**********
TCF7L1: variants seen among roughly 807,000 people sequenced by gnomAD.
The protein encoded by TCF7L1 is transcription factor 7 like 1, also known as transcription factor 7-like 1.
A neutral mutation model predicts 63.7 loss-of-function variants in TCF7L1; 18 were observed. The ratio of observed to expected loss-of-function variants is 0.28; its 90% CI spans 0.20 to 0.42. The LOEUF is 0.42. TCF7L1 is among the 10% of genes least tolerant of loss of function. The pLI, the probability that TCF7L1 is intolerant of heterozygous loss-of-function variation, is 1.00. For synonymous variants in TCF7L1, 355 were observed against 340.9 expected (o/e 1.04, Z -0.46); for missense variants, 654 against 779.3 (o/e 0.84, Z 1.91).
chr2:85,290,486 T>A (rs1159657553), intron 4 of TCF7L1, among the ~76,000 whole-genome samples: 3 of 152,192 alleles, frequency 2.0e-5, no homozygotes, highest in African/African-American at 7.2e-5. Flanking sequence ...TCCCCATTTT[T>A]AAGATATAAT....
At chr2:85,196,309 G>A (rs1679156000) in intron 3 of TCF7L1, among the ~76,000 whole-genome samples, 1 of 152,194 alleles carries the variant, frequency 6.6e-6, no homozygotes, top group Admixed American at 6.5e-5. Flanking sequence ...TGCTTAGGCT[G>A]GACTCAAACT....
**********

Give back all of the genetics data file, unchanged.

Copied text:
TCF7L1: variants seen among roughly 807,000 people sequenced by gnomAD.
The protein encoded by TCF7L1 is transcription factor 7 like 1, also known as transcription factor 7-like 1.
A neutral mutation model predicts 63.7 loss-of-function variants in TCF7L1; 18 were observed. The ratio of observed to expected loss-of-function variants is 0.28; its 90% CI spans 0.20 to 0.42. The LOEUF is 0.42. TCF7L1 is among the 10% of genes least tolerant of loss of function. The pLI, the probability that TCF7L1 is intolerant of heterozygous loss-of-function variation, is 1.00. For synonymous variants in TCF7L1, 355 were observed against 340.9 expected (o/e 1.04, Z -0.46); for missense variants, 654 against 779.3 (o/e 0.84, Z 1.91).
chr2:85,290,486 T>A (rs1159657553), intron 4 of TCF7L1, among the ~76,000 whole-genome samples: 3 of 152,192 alleles, frequency 2.0e-5, no homozygotes, highest in African/African-American at 7.2e-5. Flanking sequence ...TCCCCATTTT[T>A]AAGATATAAT....
At chr2:85,196,309 G>A (rs1679156000) in intron 3 of TCF7L1, among the ~76,000 whole-genome samples, 1 of 152,194 alleles carries the variant, frequency 6.6e-6, no homozygotes, top group Admixed American at 6.5e-5. Flanking sequence ...TGCTTAGGCT[G>A]GACTCAAACT....